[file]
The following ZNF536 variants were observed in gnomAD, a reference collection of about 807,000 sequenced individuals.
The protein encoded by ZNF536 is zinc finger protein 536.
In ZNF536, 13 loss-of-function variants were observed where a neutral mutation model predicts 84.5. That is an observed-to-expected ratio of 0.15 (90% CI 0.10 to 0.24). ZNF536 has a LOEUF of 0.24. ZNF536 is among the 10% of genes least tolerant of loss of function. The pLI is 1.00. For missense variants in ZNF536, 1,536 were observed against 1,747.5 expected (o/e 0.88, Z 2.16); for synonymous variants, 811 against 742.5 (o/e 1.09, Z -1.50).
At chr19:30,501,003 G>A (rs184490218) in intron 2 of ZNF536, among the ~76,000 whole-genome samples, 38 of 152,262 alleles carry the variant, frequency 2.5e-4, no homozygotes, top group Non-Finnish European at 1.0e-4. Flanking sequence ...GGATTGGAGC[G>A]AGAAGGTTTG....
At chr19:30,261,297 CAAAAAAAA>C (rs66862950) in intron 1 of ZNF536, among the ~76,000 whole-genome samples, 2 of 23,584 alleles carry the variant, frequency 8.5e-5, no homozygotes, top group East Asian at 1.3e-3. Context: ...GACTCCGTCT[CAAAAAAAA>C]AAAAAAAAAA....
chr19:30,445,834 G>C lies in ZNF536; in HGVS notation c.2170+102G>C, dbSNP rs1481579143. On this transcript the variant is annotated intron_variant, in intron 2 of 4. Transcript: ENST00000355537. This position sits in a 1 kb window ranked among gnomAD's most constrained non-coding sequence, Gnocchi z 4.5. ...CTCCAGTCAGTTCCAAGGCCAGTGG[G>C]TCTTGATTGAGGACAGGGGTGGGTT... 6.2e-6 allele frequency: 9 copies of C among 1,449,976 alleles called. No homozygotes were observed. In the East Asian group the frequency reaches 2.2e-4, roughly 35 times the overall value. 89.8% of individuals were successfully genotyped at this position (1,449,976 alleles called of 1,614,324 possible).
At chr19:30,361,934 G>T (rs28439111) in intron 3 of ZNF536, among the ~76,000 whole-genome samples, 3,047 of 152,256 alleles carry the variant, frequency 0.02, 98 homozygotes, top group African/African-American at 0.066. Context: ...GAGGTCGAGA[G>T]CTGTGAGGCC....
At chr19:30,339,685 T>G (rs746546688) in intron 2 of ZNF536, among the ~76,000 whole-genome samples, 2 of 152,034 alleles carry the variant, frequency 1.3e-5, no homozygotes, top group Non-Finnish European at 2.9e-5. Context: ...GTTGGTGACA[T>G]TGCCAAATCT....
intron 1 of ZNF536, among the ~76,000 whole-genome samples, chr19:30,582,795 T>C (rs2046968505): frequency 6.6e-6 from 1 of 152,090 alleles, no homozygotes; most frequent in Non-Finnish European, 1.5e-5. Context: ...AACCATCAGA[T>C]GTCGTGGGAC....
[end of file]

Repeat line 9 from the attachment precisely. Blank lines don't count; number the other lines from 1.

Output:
intron 1 of ZNF536, among the ~76,000 whole-genome samples, chr19:30,582,795 T>C (rs2046968505): frequency 6.6e-6 from 1 of 152,090 alleles, no homozygotes; most frequent in Non-Finnish European, 1.5e-5. Context: ...AACCATCAGA[T>C]GTCGTGGGAC....